Cherry Blossom and Prince Genji: Traditional Japanese Culture in Ashgabat

Cherry Blossom and Prince Genji: Traditional Japanese Culture in Ashgabat

Arslan KEMALOV

Today, the International University for the Humanities and Development (IUHD) hosted a cultural event entitled “Cherry Blossoms and Genji’s Tale” dedicated to traditional Japanese culture.

And if the flowering of cherries is more or less clear, Prince Genji is the hero of one of the greatest works of Japanese classical literature, a monogatary novel, which is a tangle of three genres: painting, poetry and prose. It was this combination that distinguished the current action.

The event, which took place in the conference hall of the university, was opened by the introductory speech of the rector of the IUHD Esen Aydogdyev and the Extraordinary and Plenipotentiary Ambassador of Japan to Turkmenistan, Mr. Takahiko Katsumata. They noted the active development of cultural dialogue between the two countries, as well as the expansion of cooperation in the scientific and educational spheres.

Then Executive Director of the Research Institute of Traditional Art of Japan Hori Kiyoko spoke. Concerning the aspects of the event, Ms. Kiyoko stressed that it is part of a broad cultural exchange, and the team of the Research Institute headed by her has been presenting her ideas around the world for a long time. The exhibition itself consists of three parts: the art of calligraphy, the tea ceremony and the display of kimono – the traditional clothing of the Japanese.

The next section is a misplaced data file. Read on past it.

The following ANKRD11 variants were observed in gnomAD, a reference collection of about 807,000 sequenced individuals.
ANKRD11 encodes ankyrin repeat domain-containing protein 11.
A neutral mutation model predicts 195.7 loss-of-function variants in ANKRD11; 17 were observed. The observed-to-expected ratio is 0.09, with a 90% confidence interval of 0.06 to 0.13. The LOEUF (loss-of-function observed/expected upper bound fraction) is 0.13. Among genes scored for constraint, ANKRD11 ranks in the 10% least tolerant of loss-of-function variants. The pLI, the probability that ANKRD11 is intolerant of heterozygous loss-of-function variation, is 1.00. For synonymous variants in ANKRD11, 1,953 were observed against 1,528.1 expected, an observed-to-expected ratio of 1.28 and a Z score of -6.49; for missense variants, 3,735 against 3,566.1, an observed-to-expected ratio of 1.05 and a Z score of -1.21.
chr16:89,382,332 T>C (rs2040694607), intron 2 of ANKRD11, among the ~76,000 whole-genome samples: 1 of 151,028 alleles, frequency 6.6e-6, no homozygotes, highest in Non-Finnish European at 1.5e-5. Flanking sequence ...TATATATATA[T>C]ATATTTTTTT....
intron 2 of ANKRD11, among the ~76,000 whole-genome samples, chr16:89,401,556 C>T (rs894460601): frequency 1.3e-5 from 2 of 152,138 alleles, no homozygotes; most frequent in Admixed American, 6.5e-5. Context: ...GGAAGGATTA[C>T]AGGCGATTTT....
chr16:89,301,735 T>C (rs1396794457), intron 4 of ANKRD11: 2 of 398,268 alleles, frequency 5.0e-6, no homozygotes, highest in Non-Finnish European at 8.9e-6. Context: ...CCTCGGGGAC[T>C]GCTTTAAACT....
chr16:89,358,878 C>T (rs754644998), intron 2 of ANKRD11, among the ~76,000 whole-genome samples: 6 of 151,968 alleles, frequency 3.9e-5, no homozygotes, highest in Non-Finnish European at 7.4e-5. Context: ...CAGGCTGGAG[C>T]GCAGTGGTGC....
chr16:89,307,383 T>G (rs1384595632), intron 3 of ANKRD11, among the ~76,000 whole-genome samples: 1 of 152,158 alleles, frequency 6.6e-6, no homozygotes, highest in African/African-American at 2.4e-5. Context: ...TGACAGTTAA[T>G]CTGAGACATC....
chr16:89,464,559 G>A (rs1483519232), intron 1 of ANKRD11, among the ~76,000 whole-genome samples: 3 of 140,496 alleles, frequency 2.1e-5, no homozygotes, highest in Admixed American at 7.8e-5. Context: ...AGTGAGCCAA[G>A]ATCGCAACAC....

First, the ancient Japanese art of calligraphy, which the Japanese call Shyodo, was presented. The masters of this craft Shimizu Keiko and Hayakawa Tatsuya demonstrated different genres of traditional writing, in particular, calligraphy in the Japanese Kan alphabet, in Kanji hieroglyphs, and also in the style of abstract letters. The guests also briefly told about the history and significance of this art. A fascinating process of putting hieroglyphics on canvas using traditional instruments left the audience delighted.

The next part of the event was the traditional tea ceremony – Sado. Three masters of this art showcased all its splendor, simultaneously explaining its history and strict etiquette. Japanese monks considered tea very healthy and believed that this drink brings longevity.

Then followed a show of traditional Japanese clothes – a kimono. On stage, the master demonstrated a female kimono, designed for official events. It consists of 12 layers, and its weight can reach 20 kilograms.

After the demonstrations were over, the guests invited the audience to the exhibition, where everyone could literally touch the elements of Japanese culture. Those who could, tasted tea prepared on the basis of tea etiquette, took a picture with a kimono and got an exclusive drawing with a calligraphic inscription of their name.